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Corn+Soybean Digest

Fungicides' Fringe Benefits

Fungicide seed treatments offer protection from seedling diseases that can reduce soybean stands and yields in Arkansas, says John Rupe, University of Arkansas Division of Agriculture plant pathologist.

Three years of research data can help producers know which fungicides are most effective for seed treatments, Rupe says.

Three groups of pathogens cause seedling diseases in Arkansas: Pythium, Rhizoctonia and Fusarium. Five different species of Pythium cause disease in the state. University of Arkansas scientists are still identifying the Fusarium species responsible for disease. Only one Rhizoctonia species, Rhizoctonia solani, is known to cause disease in Arkansas.

Division of Agriculture scientists have tested nine commercial fungicides at three planting dates in April, May and June. The tests were conducted at three locations in northeast, east-central and southwest Arkansas. Both high-quality and low-quality seeds were included in the tests, Rupe says.

Test plots with treated seed showed significantly better seedling stands than untreated control plots at some or all of the planting dates at each of the research sites.

The research demonstrates that fungicide seed treatments can improve stands — and often, yields — with both high- and low-quality seed that's planted in a variety of environments and locations, Rupe says. This is especially important if growers reduce the seeding rate to reduce planting costs.

“The improved stands and yields were seen mostly in seed planted in April or June,” Rupe says. “Plant stress from being planted in soil that's either too cool or too hot seems to be having an effect on the results.”

BROAD-SPECTRUM fungicides that control multiple pathogens were more consistently effective in varying environments than fungicides that control specific diseases, Rupe says. “This suggests there are a number of different pathogens causing seedling diseases in these locations,” he says.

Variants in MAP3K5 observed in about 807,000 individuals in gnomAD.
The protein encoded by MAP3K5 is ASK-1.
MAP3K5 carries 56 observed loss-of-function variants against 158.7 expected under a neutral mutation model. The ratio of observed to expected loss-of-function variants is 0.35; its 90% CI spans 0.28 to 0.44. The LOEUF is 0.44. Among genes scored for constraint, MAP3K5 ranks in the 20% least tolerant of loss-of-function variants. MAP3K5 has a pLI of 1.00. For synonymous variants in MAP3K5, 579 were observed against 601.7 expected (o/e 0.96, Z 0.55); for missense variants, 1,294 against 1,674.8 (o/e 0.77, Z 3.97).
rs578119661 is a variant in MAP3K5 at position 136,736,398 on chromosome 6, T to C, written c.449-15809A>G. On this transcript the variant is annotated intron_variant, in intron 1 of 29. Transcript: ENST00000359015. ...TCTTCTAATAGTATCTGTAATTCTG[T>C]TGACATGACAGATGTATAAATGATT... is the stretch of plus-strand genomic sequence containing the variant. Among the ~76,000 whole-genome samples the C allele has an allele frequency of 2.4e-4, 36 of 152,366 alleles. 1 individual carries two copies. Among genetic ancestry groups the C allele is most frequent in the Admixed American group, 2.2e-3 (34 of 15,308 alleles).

Low-quality seed benefited more often from fungicide treatments than did high-quality seed, Rupe says, though both high- and low-quality seed saw improved stands, yields or both in many plots.

“The longer it takes a plant to emerge from the ground after planting, the more vulnerable it is to diseases,” Rupe says. “High-quality seed gets out of the ground faster.”

In ongoing research, Rupe and graduate student Valeria Avanzato are trying to narrow down which specific pathogens are attacking the plants at the various planting dates, environments and soils. Rupe is also working with University of Arkansas soybean breeder Pengyin Chen to screen cultivars and breeding lines for resistance to Pythium.

“When we started this study three years ago, we believed Pythium was the most important seedling disease we were dealing with,” Rupe says. “In the seed treatment studies, broad-spectrum fungicides were more effective than fungicides that specifically treated Pythium, indicating that other pathogens were also at work in Arkansas fields.”

Rupe and Chen found one soybean variety that has resistance to Pythium, and are taking a closer look at some others that they believe may also have resistance.

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